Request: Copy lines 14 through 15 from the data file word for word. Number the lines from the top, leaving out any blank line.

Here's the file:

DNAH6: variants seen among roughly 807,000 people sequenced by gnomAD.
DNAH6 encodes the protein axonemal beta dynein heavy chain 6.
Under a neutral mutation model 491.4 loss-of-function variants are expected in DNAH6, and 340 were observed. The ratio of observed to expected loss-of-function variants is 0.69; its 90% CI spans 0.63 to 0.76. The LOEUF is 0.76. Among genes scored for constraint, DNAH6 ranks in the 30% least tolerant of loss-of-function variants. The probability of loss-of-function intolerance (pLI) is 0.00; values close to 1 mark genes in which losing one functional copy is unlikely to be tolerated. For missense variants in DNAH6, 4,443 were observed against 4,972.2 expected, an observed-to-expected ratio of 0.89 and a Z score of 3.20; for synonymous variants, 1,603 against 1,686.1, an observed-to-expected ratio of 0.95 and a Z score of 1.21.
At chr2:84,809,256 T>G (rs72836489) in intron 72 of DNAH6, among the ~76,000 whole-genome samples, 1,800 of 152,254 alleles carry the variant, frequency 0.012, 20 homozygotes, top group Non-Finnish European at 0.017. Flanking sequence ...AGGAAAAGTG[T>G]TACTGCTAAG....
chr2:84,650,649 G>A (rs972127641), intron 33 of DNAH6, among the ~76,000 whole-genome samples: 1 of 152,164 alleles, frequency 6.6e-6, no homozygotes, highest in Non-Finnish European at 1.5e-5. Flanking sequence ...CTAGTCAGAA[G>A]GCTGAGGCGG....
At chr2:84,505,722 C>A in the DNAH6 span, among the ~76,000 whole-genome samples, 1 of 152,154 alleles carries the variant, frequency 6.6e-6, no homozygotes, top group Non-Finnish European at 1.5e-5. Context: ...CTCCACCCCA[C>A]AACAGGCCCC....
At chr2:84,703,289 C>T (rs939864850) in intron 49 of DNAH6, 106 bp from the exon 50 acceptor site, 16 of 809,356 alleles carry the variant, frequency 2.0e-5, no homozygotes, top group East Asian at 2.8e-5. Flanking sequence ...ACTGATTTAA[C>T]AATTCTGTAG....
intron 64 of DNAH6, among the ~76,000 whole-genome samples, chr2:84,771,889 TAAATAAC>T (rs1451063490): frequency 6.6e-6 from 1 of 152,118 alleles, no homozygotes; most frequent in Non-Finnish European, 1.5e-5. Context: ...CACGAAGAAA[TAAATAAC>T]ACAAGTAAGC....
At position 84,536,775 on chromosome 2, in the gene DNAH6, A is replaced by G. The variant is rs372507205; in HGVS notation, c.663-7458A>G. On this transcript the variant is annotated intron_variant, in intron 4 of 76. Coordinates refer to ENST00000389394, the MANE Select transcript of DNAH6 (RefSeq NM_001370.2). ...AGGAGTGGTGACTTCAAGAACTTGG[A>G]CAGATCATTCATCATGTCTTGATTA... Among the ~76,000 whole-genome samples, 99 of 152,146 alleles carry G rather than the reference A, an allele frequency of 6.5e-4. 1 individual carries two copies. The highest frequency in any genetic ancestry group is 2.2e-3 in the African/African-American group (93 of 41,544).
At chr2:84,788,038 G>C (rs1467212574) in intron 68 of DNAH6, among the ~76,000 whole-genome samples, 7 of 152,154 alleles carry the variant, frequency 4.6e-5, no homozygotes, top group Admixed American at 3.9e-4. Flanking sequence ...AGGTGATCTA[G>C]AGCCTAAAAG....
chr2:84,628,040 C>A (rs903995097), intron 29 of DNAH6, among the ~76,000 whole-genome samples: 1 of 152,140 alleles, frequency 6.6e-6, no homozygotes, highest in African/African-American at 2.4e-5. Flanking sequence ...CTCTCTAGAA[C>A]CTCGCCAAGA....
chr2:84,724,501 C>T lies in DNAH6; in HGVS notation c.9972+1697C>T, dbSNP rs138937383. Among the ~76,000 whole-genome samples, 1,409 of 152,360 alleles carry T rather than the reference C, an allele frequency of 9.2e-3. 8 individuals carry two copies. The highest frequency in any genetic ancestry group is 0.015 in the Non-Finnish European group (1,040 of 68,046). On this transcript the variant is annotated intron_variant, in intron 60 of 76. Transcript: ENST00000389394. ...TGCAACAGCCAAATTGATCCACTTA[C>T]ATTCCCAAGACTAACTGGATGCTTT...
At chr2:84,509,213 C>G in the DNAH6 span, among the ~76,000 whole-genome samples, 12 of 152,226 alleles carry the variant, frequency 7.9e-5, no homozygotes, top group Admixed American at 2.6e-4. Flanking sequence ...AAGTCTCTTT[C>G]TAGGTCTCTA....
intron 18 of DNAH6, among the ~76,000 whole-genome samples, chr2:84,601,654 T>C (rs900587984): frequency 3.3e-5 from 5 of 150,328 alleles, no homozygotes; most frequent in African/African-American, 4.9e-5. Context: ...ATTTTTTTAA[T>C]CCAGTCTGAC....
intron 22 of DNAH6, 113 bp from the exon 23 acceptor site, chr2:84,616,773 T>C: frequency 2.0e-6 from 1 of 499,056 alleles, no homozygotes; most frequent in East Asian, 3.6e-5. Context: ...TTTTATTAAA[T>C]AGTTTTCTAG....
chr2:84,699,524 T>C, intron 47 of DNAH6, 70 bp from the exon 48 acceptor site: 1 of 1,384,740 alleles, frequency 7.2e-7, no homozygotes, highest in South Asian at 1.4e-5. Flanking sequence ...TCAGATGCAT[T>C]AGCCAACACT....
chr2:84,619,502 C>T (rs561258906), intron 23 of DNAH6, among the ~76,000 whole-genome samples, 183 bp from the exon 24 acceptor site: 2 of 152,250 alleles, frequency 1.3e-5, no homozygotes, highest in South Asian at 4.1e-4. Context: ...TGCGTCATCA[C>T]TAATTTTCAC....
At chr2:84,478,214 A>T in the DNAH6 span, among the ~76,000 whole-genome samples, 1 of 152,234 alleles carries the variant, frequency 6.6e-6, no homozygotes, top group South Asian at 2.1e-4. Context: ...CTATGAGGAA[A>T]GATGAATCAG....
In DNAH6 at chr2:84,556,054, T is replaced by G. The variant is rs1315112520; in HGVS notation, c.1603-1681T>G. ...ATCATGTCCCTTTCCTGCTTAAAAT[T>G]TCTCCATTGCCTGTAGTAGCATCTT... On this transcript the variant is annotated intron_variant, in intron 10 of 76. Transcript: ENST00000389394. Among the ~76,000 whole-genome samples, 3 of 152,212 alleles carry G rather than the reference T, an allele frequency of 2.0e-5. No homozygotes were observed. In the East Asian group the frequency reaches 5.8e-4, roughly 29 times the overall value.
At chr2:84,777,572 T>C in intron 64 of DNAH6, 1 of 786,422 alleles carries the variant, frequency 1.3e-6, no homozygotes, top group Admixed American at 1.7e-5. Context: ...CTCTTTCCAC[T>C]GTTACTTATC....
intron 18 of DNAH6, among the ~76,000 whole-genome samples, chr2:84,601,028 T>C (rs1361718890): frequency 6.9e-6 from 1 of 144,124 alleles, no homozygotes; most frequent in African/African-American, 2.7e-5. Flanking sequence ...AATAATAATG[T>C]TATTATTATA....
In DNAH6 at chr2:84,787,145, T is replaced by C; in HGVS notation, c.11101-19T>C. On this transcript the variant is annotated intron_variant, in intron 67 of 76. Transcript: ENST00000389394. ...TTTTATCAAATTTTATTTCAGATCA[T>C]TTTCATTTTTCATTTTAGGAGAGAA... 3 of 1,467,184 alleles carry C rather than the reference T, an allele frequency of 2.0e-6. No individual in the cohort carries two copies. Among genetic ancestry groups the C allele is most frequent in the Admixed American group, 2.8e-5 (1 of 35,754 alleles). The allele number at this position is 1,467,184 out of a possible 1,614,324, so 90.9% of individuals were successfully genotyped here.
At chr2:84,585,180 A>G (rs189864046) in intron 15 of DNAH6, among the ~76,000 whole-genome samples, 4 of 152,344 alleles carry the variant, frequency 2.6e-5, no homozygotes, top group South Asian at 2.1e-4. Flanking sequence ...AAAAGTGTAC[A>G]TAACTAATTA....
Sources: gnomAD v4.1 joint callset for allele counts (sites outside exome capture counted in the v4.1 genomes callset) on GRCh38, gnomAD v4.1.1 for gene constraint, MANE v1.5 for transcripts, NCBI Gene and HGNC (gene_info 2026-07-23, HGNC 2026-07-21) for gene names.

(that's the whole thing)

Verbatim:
intron 18 of DNAH6, among the ~76,000 whole-genome samples, chr2:84,601,654 T>C (rs900587984): frequency 3.3e-5 from 5 of 150,328 alleles, no homozygotes; most frequent in African/African-American, 4.9e-5. Context: ...ATTTTTTTAA[T>C]CCAGTCTGAC....
intron 22 of DNAH6, 113 bp from the exon 23 acceptor site, chr2:84,616,773 T>C: frequency 2.0e-6 from 1 of 499,056 alleles, no homozygotes; most frequent in East Asian, 3.6e-5. Context: ...TTTTATTAAA[T>C]AGTTTTCTAG....